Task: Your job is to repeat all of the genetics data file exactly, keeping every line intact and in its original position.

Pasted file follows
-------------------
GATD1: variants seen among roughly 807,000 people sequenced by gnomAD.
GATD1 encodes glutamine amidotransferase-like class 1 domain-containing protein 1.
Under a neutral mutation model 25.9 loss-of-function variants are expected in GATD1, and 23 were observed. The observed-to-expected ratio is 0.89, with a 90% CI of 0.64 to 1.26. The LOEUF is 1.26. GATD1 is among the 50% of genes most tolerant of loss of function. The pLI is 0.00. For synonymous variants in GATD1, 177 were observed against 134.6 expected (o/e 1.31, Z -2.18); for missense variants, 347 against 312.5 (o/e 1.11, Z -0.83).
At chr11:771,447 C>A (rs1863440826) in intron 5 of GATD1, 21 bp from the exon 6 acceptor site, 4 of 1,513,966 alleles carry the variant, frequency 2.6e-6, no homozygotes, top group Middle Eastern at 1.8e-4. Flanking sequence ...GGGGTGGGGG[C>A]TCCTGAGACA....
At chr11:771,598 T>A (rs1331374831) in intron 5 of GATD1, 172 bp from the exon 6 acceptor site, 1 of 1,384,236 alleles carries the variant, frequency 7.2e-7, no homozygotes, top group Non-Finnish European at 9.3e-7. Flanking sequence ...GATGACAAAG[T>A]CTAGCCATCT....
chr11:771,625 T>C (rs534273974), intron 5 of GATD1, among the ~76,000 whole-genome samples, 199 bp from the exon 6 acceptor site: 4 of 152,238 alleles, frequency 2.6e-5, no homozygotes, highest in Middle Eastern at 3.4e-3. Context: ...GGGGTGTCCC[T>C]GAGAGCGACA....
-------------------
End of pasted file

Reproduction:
GATD1: variants seen among roughly 807,000 people sequenced by gnomAD.
GATD1 encodes glutamine amidotransferase-like class 1 domain-containing protein 1.
Under a neutral mutation model 25.9 loss-of-function variants are expected in GATD1, and 23 were observed. The observed-to-expected ratio is 0.89, with a 90% CI of 0.64 to 1.26. The LOEUF is 1.26. GATD1 is among the 50% of genes most tolerant of loss of function. The pLI is 0.00. For synonymous variants in GATD1, 177 were observed against 134.6 expected (o/e 1.31, Z -2.18); for missense variants, 347 against 312.5 (o/e 1.11, Z -0.83).
At chr11:771,447 C>A (rs1863440826) in intron 5 of GATD1, 21 bp from the exon 6 acceptor site, 4 of 1,513,966 alleles carry the variant, frequency 2.6e-6, no homozygotes, top group Middle Eastern at 1.8e-4. Flanking sequence ...GGGGTGGGGG[C>A]TCCTGAGACA....
At chr11:771,598 T>A (rs1331374831) in intron 5 of GATD1, 172 bp from the exon 6 acceptor site, 1 of 1,384,236 alleles carries the variant, frequency 7.2e-7, no homozygotes, top group Non-Finnish European at 9.3e-7. Flanking sequence ...GATGACAAAG[T>A]CTAGCCATCT....
chr11:771,625 T>C (rs534273974), intron 5 of GATD1, among the ~76,000 whole-genome samples, 199 bp from the exon 6 acceptor site: 4 of 152,238 alleles, frequency 2.6e-5, no homozygotes, highest in Middle Eastern at 3.4e-3. Context: ...GGGGTGTCCC[T>C]GAGAGCGACA....